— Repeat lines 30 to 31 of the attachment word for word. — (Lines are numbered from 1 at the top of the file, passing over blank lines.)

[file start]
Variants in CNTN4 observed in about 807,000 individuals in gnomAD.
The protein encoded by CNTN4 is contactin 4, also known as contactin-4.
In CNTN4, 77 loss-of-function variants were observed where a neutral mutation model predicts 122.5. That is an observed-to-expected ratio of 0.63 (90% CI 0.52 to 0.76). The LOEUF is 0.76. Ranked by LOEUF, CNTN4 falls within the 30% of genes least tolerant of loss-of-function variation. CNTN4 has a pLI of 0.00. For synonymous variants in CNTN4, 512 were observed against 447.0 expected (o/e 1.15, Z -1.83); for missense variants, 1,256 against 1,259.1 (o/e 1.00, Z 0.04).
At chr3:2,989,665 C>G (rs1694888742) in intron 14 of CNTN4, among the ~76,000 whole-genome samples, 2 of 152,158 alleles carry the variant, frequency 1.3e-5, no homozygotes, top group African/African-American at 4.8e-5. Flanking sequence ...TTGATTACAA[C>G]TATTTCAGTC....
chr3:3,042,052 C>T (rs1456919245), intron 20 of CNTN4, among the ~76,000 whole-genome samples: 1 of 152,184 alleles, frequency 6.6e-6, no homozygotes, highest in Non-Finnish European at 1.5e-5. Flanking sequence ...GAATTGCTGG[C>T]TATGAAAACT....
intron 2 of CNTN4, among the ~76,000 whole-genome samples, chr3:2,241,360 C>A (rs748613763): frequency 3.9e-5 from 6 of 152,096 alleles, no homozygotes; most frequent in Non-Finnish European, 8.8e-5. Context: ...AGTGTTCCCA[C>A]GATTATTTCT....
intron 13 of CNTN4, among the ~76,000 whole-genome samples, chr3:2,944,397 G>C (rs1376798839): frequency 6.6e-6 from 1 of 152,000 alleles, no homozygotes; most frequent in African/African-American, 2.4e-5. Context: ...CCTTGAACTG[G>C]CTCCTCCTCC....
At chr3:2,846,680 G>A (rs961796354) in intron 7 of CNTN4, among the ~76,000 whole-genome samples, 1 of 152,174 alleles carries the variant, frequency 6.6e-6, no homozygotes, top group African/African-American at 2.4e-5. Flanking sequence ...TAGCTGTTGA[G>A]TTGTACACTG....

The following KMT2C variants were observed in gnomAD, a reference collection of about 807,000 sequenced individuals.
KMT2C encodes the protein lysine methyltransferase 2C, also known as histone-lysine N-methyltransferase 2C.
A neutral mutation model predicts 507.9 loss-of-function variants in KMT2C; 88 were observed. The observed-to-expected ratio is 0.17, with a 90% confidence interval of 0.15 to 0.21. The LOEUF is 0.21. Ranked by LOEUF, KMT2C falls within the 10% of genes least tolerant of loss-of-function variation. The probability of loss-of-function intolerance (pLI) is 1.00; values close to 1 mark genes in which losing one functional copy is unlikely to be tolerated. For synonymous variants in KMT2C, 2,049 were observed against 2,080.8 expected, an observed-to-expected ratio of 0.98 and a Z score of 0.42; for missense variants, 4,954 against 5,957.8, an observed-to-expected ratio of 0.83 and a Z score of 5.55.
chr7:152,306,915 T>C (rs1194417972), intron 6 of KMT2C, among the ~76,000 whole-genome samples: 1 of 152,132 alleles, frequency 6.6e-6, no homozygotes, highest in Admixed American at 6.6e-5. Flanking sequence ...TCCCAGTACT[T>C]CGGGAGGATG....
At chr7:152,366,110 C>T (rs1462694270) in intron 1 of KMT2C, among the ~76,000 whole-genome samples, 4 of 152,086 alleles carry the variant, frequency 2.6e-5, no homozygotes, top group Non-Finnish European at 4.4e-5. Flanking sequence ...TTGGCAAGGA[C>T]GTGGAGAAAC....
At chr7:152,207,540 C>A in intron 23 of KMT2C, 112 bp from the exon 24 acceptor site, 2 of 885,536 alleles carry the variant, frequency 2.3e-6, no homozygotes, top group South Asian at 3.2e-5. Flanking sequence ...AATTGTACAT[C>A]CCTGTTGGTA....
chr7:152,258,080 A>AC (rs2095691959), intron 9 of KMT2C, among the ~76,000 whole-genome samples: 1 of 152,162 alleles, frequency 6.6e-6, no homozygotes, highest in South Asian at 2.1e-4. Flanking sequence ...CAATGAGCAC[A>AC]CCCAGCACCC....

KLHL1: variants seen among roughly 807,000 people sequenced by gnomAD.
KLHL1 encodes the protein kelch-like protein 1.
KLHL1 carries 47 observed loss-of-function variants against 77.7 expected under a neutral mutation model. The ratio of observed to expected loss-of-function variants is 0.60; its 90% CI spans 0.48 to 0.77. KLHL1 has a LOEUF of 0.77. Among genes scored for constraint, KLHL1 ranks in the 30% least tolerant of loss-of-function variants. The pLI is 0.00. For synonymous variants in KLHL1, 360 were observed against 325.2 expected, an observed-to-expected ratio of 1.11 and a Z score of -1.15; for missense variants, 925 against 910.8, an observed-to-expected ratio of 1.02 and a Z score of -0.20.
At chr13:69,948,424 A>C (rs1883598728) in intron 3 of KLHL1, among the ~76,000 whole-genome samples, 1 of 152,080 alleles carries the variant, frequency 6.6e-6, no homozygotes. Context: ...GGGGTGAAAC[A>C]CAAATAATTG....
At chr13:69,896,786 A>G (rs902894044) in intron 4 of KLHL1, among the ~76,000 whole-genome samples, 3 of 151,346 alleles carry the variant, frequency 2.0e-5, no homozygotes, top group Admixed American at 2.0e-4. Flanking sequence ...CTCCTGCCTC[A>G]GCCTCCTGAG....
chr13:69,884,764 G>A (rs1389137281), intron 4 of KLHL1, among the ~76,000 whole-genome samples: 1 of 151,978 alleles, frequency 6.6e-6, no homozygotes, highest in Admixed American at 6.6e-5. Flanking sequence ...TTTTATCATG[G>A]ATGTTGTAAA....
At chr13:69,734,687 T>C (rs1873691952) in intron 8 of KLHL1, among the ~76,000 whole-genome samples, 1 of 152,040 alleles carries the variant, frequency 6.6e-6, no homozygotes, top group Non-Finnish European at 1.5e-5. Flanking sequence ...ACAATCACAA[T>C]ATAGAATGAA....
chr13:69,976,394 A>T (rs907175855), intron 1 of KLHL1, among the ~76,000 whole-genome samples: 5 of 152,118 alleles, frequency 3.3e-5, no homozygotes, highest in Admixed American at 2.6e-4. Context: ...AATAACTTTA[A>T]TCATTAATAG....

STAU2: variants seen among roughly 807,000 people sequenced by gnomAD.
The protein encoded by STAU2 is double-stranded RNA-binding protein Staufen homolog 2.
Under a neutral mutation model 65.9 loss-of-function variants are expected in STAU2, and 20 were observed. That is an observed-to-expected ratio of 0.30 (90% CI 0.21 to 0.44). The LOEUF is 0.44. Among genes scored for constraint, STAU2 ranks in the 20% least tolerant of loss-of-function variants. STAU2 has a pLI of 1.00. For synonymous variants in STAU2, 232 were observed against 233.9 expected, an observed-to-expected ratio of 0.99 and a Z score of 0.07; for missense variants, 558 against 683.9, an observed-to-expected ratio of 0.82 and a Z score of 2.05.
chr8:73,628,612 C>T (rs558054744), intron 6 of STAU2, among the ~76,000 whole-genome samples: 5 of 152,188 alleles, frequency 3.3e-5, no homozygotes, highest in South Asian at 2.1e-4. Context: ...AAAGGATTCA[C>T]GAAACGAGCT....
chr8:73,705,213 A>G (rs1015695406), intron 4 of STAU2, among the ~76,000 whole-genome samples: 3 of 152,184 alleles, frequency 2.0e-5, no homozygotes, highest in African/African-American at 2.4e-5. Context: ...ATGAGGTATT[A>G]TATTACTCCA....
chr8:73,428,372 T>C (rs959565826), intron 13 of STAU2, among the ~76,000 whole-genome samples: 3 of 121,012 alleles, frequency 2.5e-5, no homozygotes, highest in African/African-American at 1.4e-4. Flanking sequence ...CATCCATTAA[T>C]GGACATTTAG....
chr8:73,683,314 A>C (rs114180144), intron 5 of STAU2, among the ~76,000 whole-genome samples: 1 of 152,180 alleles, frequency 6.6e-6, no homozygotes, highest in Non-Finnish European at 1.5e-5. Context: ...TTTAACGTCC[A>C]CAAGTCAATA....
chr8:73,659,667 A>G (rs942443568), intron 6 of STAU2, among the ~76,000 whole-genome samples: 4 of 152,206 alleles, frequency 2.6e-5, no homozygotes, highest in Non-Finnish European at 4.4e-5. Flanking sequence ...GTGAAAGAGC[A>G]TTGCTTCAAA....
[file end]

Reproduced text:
chr8:73,683,314 A>C (rs114180144), intron 5 of STAU2, among the ~76,000 whole-genome samples: 1 of 152,180 alleles, frequency 6.6e-6, no homozygotes, highest in Non-Finnish European at 1.5e-5. Context: ...TTTAACGTCC[A>C]CAAGTCAATA....
chr8:73,659,667 A>G (rs942443568), intron 6 of STAU2, among the ~76,000 whole-genome samples: 4 of 152,206 alleles, frequency 2.6e-5, no homozygotes, highest in Non-Finnish European at 4.4e-5. Flanking sequence ...GTGAAAGAGC[A>G]TTGCTTCAAA....